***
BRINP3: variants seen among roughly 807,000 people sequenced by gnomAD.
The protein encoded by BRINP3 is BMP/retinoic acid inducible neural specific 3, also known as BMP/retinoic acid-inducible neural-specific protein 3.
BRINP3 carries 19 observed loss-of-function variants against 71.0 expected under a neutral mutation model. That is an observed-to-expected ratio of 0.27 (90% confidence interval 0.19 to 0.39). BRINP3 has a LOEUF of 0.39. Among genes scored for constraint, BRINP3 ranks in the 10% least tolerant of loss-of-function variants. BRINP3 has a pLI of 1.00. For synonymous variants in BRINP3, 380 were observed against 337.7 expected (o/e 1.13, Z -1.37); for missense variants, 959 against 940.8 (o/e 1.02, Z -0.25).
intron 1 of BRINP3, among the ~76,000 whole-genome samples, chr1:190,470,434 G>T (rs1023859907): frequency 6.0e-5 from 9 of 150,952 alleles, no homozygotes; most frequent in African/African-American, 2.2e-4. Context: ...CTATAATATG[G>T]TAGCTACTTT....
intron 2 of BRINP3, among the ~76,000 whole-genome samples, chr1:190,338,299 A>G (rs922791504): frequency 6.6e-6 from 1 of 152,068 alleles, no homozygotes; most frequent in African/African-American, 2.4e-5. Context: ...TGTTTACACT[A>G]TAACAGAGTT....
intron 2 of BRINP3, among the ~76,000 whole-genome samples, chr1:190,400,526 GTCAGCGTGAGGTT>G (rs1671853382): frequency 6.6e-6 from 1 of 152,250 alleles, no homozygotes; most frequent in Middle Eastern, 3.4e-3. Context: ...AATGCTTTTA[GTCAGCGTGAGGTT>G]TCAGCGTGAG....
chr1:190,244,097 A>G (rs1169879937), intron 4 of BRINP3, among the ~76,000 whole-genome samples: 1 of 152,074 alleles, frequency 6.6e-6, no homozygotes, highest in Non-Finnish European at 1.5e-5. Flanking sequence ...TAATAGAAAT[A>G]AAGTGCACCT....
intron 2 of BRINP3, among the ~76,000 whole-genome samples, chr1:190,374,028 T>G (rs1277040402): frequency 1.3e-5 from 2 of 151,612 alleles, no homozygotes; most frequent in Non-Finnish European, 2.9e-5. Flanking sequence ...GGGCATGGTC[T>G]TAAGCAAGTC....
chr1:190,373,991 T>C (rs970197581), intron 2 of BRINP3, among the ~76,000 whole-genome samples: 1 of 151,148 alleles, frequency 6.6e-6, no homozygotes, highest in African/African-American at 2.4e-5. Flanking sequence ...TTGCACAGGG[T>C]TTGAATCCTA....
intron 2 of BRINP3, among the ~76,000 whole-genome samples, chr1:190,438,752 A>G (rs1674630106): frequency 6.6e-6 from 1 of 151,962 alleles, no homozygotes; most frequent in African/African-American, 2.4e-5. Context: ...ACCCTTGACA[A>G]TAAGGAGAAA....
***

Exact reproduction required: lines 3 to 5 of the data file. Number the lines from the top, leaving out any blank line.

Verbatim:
BRINP3 carries 19 observed loss-of-function variants against 71.0 expected under a neutral mutation model. That is an observed-to-expected ratio of 0.27 (90% confidence interval 0.19 to 0.39). BRINP3 has a LOEUF of 0.39. Among genes scored for constraint, BRINP3 ranks in the 10% least tolerant of loss-of-function variants. BRINP3 has a pLI of 1.00. For synonymous variants in BRINP3, 380 were observed against 337.7 expected (o/e 1.13, Z -1.37); for missense variants, 959 against 940.8 (o/e 1.02, Z -0.25).
intron 1 of BRINP3, among the ~76,000 whole-genome samples, chr1:190,470,434 G>T (rs1023859907): frequency 6.0e-5 from 9 of 150,952 alleles, no homozygotes; most frequent in African/African-American, 2.2e-4. Context: ...CTATAATATG[G>T]TAGCTACTTT....
intron 2 of BRINP3, among the ~76,000 whole-genome samples, chr1:190,338,299 A>G (rs922791504): frequency 6.6e-6 from 1 of 152,068 alleles, no homozygotes; most frequent in African/African-American, 2.4e-5. Context: ...TGTTTACACT[A>G]TAACAGAGTT....